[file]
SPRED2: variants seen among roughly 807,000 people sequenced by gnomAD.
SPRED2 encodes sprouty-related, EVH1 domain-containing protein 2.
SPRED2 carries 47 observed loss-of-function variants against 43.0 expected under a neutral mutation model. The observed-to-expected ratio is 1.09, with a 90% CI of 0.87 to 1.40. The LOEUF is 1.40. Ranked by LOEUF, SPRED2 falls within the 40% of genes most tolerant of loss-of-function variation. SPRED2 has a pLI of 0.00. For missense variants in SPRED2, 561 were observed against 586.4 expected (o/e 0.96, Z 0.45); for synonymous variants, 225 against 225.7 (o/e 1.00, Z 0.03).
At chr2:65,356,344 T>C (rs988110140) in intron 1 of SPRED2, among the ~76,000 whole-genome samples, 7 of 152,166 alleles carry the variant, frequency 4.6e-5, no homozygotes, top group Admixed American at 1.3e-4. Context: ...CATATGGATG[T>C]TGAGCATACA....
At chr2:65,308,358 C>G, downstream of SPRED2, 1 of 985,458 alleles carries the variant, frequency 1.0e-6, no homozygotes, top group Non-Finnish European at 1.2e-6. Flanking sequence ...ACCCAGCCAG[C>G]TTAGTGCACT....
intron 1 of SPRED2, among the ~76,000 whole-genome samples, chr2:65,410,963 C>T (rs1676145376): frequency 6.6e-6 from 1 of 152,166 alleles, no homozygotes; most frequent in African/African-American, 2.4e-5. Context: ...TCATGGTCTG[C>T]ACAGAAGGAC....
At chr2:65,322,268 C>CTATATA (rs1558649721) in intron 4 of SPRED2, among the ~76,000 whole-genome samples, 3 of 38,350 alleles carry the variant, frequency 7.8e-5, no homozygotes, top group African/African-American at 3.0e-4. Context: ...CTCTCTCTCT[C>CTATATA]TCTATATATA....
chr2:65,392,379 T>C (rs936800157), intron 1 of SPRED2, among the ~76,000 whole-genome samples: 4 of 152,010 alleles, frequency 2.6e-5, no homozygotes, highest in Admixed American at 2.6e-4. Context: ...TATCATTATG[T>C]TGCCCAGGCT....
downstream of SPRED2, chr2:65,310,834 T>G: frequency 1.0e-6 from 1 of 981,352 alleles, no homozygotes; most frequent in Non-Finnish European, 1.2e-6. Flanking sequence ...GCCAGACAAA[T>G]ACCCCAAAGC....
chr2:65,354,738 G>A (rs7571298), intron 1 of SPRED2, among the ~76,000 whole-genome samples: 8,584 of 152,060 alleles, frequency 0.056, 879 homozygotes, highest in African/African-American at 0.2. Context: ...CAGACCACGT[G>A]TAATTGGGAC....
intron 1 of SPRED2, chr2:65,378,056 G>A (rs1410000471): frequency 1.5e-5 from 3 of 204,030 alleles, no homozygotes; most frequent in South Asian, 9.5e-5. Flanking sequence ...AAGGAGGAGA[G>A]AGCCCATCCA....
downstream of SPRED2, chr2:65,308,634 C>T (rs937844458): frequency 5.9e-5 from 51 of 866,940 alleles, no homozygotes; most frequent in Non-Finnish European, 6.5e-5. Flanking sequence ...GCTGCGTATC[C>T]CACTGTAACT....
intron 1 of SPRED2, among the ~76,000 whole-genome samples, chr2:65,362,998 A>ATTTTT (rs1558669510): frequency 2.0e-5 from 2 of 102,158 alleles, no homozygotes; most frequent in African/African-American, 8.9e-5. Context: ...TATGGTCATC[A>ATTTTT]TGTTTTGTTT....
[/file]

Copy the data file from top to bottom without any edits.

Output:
SPRED2: variants seen among roughly 807,000 people sequenced by gnomAD.
SPRED2 encodes sprouty-related, EVH1 domain-containing protein 2.
SPRED2 carries 47 observed loss-of-function variants against 43.0 expected under a neutral mutation model. The observed-to-expected ratio is 1.09, with a 90% CI of 0.87 to 1.40. The LOEUF is 1.40. Ranked by LOEUF, SPRED2 falls within the 40% of genes most tolerant of loss-of-function variation. SPRED2 has a pLI of 0.00. For missense variants in SPRED2, 561 were observed against 586.4 expected (o/e 0.96, Z 0.45); for synonymous variants, 225 against 225.7 (o/e 1.00, Z 0.03).
At chr2:65,356,344 T>C (rs988110140) in intron 1 of SPRED2, among the ~76,000 whole-genome samples, 7 of 152,166 alleles carry the variant, frequency 4.6e-5, no homozygotes, top group Admixed American at 1.3e-4. Context: ...CATATGGATG[T>C]TGAGCATACA....
At chr2:65,308,358 C>G, downstream of SPRED2, 1 of 985,458 alleles carries the variant, frequency 1.0e-6, no homozygotes, top group Non-Finnish European at 1.2e-6. Flanking sequence ...ACCCAGCCAG[C>G]TTAGTGCACT....
intron 1 of SPRED2, among the ~76,000 whole-genome samples, chr2:65,410,963 C>T (rs1676145376): frequency 6.6e-6 from 1 of 152,166 alleles, no homozygotes; most frequent in African/African-American, 2.4e-5. Context: ...TCATGGTCTG[C>T]ACAGAAGGAC....
At chr2:65,322,268 C>CTATATA (rs1558649721) in intron 4 of SPRED2, among the ~76,000 whole-genome samples, 3 of 38,350 alleles carry the variant, frequency 7.8e-5, no homozygotes, top group African/African-American at 3.0e-4. Context: ...CTCTCTCTCT[C>CTATATA]TCTATATATA....
chr2:65,392,379 T>C (rs936800157), intron 1 of SPRED2, among the ~76,000 whole-genome samples: 4 of 152,010 alleles, frequency 2.6e-5, no homozygotes, highest in Admixed American at 2.6e-4. Context: ...TATCATTATG[T>C]TGCCCAGGCT....
downstream of SPRED2, chr2:65,310,834 T>G: frequency 1.0e-6 from 1 of 981,352 alleles, no homozygotes; most frequent in Non-Finnish European, 1.2e-6. Flanking sequence ...GCCAGACAAA[T>G]ACCCCAAAGC....
chr2:65,354,738 G>A (rs7571298), intron 1 of SPRED2, among the ~76,000 whole-genome samples: 8,584 of 152,060 alleles, frequency 0.056, 879 homozygotes, highest in African/African-American at 0.2. Context: ...CAGACCACGT[G>A]TAATTGGGAC....
intron 1 of SPRED2, chr2:65,378,056 G>A (rs1410000471): frequency 1.5e-5 from 3 of 204,030 alleles, no homozygotes; most frequent in South Asian, 9.5e-5. Flanking sequence ...AAGGAGGAGA[G>A]AGCCCATCCA....
downstream of SPRED2, chr2:65,308,634 C>T (rs937844458): frequency 5.9e-5 from 51 of 866,940 alleles, no homozygotes; most frequent in Non-Finnish European, 6.5e-5. Flanking sequence ...GCTGCGTATC[C>T]CACTGTAACT....
intron 1 of SPRED2, among the ~76,000 whole-genome samples, chr2:65,362,998 A>ATTTTT (rs1558669510): frequency 2.0e-5 from 2 of 102,158 alleles, no homozygotes; most frequent in African/African-American, 8.9e-5. Context: ...TATGGTCATC[A>ATTTTT]TGTTTTGTTT....